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A spanish family tragedy

Seniors Jenna Rubaii, Grace Douglas, Sara Gordon, and Valerie Roche share the stage during the first act of The House of Bernarda Alba. Ashley McKevitt//The Miami Hurricane

Five daughters under the control of their oppressive mother challenge tradition and test the limits of youthful rebellion. Does this sound familiar?

No, it’s not the latest TV show or film, it’s Federico Garcia Lorca’s “The House of Bernada Alba,” considered the greatest Spanish tragedy of the 20th century. In a professional collaboration with the Adrienne Arsht Center for the Performing Arts, UM’s Department of Theatre Arts will be producing a new translation of the play by Karen Coonrod and Nilo Cruz. The show is directed by Henry Fonte, chair of the theatre department.

“I loved and am loving directing ‘Bernada Alba,’” Fonte said. “It’s an emotional work of theatre that will attract audiences, especially younger people.”

Even though the play is set in the 1930s, much of the appeal of “Bernada Alba” comes from its contemporary themes.
“Headlines are always showing stories about domestic issues,” Fonte said. “The struggles of 1936 speak to today’s problems, which makes the play good.”

But the play’s effectiveness also has to do with the creative process. A successful production requires teamwork among actors, designers and management. Although UM faculty and students worked on much of the design, the students performed alongside Arsht Center union members.

“This experience has been absolutely amazing,” senior Sara Gordon said. “Watching the professional actresses work and being able to work with them has been eye-opening.”

Gordon plays Prudencia, Bernada’s friend who essentially waits for her to mess up, or, as Gordon called her, a “frenemy.” Through this role, Gordon has gained valuable insight about the acting process and the business end of theatre. Her role in the show prepared her to go to New York after graduation.

“Working on a professional stage has been so exciting and fulfilling,” Gordon said. “I enjoy my time onstage with my friends.”

Rehearsals at the Ring Theatre lasted six weeks, while the last two weeks were spent in the Arsht. Throughout the process, Cruz would visit rehearsals and discuss the play’s vision with Fonte.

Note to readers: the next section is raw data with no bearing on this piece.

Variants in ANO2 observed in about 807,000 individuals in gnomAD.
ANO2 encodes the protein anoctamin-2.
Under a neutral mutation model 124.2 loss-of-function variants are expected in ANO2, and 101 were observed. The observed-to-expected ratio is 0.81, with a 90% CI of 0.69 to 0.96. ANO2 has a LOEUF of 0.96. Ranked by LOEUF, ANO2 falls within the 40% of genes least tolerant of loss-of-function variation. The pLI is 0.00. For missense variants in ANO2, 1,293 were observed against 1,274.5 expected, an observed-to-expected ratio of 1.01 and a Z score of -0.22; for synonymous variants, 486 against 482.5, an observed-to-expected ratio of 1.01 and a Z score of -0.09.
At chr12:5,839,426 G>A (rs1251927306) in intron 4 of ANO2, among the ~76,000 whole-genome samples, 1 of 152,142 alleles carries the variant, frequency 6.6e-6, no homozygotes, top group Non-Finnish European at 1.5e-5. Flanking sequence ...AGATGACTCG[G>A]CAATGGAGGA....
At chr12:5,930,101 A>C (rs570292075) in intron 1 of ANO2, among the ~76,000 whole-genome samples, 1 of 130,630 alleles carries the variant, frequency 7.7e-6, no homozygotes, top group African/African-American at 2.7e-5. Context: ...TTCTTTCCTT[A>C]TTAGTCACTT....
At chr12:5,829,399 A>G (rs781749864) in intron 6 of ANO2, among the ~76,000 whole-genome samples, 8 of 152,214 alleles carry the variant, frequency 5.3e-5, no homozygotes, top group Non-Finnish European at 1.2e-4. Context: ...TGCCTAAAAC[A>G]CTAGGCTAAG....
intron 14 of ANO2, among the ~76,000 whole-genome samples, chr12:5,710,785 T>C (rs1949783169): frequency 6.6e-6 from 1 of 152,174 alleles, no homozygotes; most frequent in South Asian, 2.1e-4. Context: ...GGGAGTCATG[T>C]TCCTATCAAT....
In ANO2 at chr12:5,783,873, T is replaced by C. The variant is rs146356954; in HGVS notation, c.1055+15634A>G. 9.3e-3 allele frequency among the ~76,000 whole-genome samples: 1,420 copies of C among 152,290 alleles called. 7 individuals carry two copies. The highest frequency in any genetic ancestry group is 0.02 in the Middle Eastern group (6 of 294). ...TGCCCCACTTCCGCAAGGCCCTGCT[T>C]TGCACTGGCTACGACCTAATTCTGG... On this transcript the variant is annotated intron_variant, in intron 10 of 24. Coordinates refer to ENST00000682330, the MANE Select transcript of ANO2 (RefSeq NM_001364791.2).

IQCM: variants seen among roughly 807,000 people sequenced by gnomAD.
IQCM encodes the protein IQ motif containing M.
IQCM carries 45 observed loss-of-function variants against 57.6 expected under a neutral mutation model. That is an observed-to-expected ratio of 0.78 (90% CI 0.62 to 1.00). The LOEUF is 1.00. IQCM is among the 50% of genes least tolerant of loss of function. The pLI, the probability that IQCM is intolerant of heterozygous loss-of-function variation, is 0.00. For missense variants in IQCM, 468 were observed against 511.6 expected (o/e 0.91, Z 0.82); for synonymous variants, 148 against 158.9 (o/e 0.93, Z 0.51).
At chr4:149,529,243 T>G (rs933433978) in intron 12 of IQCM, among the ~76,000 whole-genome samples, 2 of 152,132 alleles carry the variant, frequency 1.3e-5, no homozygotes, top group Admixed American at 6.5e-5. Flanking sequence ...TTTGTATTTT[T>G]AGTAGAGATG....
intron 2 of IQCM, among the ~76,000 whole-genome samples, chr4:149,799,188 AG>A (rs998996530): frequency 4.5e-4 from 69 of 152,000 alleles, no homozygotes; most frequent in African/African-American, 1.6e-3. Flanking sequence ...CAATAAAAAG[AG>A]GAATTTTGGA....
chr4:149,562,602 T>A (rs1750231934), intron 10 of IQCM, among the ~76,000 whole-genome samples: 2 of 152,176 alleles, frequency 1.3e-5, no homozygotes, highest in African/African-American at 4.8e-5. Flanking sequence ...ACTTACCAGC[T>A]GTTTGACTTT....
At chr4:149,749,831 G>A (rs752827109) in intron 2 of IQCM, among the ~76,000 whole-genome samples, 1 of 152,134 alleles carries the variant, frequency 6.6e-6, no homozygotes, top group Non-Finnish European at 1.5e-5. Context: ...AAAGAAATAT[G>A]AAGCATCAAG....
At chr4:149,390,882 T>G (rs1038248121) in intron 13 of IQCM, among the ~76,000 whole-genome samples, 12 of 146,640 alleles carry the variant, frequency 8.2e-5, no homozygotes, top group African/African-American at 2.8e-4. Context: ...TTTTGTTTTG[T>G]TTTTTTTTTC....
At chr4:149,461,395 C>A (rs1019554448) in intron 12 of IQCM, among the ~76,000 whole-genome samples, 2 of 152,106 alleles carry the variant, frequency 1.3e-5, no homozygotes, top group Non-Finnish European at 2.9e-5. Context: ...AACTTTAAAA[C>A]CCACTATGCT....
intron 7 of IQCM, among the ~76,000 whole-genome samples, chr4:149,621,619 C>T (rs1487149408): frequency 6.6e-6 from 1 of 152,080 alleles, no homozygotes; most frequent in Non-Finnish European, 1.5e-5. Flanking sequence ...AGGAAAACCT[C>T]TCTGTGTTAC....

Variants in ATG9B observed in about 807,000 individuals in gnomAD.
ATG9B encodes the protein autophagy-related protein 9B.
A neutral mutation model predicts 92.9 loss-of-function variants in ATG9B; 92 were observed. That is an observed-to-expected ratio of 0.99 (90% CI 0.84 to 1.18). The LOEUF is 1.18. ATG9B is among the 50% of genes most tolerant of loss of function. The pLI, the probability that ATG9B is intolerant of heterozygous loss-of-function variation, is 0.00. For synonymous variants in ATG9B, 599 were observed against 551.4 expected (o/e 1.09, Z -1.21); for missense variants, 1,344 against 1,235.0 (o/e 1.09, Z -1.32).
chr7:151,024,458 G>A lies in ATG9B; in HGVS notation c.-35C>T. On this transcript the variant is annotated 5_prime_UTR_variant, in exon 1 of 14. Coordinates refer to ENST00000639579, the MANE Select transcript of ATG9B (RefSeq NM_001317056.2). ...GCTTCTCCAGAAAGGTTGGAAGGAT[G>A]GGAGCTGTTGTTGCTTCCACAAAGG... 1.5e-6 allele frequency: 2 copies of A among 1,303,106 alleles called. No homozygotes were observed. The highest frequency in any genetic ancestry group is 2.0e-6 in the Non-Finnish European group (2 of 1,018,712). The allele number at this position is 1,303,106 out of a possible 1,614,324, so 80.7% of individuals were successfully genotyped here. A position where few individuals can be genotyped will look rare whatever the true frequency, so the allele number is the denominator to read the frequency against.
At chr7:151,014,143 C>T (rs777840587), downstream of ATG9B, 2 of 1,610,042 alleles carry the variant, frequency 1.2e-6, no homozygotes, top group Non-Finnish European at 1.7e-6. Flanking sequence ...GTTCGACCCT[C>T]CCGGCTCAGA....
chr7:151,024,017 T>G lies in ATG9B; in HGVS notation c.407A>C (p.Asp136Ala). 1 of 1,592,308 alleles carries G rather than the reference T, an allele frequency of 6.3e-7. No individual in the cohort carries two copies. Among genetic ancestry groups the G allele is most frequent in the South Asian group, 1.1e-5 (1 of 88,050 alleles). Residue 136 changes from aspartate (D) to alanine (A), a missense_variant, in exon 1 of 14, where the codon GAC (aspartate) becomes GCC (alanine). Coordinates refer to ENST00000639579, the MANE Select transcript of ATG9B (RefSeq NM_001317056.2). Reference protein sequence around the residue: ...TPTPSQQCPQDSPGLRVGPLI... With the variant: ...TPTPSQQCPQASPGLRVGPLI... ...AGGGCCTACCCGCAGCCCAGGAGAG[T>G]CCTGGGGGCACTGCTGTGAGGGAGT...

“[Cruz] was always in constant touch with the translation,” Fonte said.

A story of jealousy, fear and beauty all within the backdrop of the Spanish Civil War, Bernada Alba will offer something for first-time theatre goers and experienced veterans as well.

“I am excited to see the new translation and how it illuminates and heightens poetic elements,” theatre arts lecturer Patricia Dolan said. “It’s Bernada Alba through a new lens.”

The Florida premiere of Bernada Alba had its final dress rehearsal on Wednesday. The show will be open to the general public starting Thursday until Oct. 30. General admission tickets and times are available online at arshtcenter.org, or at the Arsht box office for $40.

Rehearsals at the Ring Theatre lasted six weeks, while the last two weeks were spent in the Arsht. Throughout the process, Cruz would visit rehearsals and discuss the play’s vision with Fonte.

“[Cruz] was always in constant touch with the translation,” Fonte said.

A story of jealousy, fear and beauty all within the backdrop of the Spanish Civil War, Bernada Alba will offer something for first-time theatre goers and experienced veterans as well.

“I am excited to see the new translation and how it illuminates and heightens poetic elements,” theatre arts lecturer Patricia Dolan said. “It’s Bernada Alba through a new lens.”

The Florida premiere of Bernada Alba had its final dress rehearsal on Wednesday. The show will be open to the general public starting Thursday until Oct. 30. General admission tickets and times are available online at arshtcenter.org, or at the Arsht box office for $40.

The Arsht offers a Half-Off Ticket (H.O.T.) promotion for full-time students. To participate, students must present a current photo ID at the box office window on the same day of the performance. This is only valid for select “Adrienne Arsht Center Presents” shows and is subject to availability.

October 12, 2011

Reporters

Alexander Gonzalez

Assistant Editor


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